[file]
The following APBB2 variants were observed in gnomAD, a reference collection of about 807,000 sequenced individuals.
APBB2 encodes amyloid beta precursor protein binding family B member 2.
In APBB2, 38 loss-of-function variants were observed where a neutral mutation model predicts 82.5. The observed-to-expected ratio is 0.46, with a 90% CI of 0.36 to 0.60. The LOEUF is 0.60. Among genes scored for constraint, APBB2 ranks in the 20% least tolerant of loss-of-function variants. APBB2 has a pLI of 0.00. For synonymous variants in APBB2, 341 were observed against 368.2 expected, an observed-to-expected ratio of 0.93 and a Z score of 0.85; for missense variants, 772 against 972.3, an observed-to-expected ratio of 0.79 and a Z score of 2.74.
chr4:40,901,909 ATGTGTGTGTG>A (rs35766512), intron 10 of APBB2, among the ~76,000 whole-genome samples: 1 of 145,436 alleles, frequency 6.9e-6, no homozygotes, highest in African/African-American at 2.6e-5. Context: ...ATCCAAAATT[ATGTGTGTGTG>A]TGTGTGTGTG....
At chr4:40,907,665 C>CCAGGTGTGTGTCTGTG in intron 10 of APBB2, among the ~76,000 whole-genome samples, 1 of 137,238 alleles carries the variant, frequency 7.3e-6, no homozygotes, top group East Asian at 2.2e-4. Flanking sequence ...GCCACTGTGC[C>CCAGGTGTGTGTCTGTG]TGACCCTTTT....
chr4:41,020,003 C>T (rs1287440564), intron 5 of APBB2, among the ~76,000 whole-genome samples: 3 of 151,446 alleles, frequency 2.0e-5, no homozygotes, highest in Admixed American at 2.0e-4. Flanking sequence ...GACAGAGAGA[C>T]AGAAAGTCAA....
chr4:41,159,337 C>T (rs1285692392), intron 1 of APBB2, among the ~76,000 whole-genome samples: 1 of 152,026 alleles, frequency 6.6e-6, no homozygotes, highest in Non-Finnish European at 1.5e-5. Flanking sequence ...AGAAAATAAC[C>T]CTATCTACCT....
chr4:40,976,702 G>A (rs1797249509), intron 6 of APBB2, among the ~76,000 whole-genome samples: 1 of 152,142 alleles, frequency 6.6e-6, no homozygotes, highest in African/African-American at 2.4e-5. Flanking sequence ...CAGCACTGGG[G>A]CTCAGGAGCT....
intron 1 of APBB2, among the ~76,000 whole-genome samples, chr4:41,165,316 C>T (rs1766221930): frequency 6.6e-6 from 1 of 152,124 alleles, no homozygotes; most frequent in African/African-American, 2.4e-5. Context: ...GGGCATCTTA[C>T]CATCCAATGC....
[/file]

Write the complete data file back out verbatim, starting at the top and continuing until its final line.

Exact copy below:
The following APBB2 variants were observed in gnomAD, a reference collection of about 807,000 sequenced individuals.
APBB2 encodes amyloid beta precursor protein binding family B member 2.
In APBB2, 38 loss-of-function variants were observed where a neutral mutation model predicts 82.5. The observed-to-expected ratio is 0.46, with a 90% CI of 0.36 to 0.60. The LOEUF is 0.60. Among genes scored for constraint, APBB2 ranks in the 20% least tolerant of loss-of-function variants. APBB2 has a pLI of 0.00. For synonymous variants in APBB2, 341 were observed against 368.2 expected, an observed-to-expected ratio of 0.93 and a Z score of 0.85; for missense variants, 772 against 972.3, an observed-to-expected ratio of 0.79 and a Z score of 2.74.
chr4:40,901,909 ATGTGTGTGTG>A (rs35766512), intron 10 of APBB2, among the ~76,000 whole-genome samples: 1 of 145,436 alleles, frequency 6.9e-6, no homozygotes, highest in African/African-American at 2.6e-5. Context: ...ATCCAAAATT[ATGTGTGTGTG>A]TGTGTGTGTG....
At chr4:40,907,665 C>CCAGGTGTGTGTCTGTG in intron 10 of APBB2, among the ~76,000 whole-genome samples, 1 of 137,238 alleles carries the variant, frequency 7.3e-6, no homozygotes, top group East Asian at 2.2e-4. Flanking sequence ...GCCACTGTGC[C>CCAGGTGTGTGTCTGTG]TGACCCTTTT....
chr4:41,020,003 C>T (rs1287440564), intron 5 of APBB2, among the ~76,000 whole-genome samples: 3 of 151,446 alleles, frequency 2.0e-5, no homozygotes, highest in Admixed American at 2.0e-4. Flanking sequence ...GACAGAGAGA[C>T]AGAAAGTCAA....
chr4:41,159,337 C>T (rs1285692392), intron 1 of APBB2, among the ~76,000 whole-genome samples: 1 of 152,026 alleles, frequency 6.6e-6, no homozygotes, highest in Non-Finnish European at 1.5e-5. Flanking sequence ...AGAAAATAAC[C>T]CTATCTACCT....
chr4:40,976,702 G>A (rs1797249509), intron 6 of APBB2, among the ~76,000 whole-genome samples: 1 of 152,142 alleles, frequency 6.6e-6, no homozygotes, highest in African/African-American at 2.4e-5. Flanking sequence ...CAGCACTGGG[G>A]CTCAGGAGCT....
intron 1 of APBB2, among the ~76,000 whole-genome samples, chr4:41,165,316 C>T (rs1766221930): frequency 6.6e-6 from 1 of 152,124 alleles, no homozygotes; most frequent in African/African-American, 2.4e-5. Context: ...GGGCATCTTA[C>T]CATCCAATGC....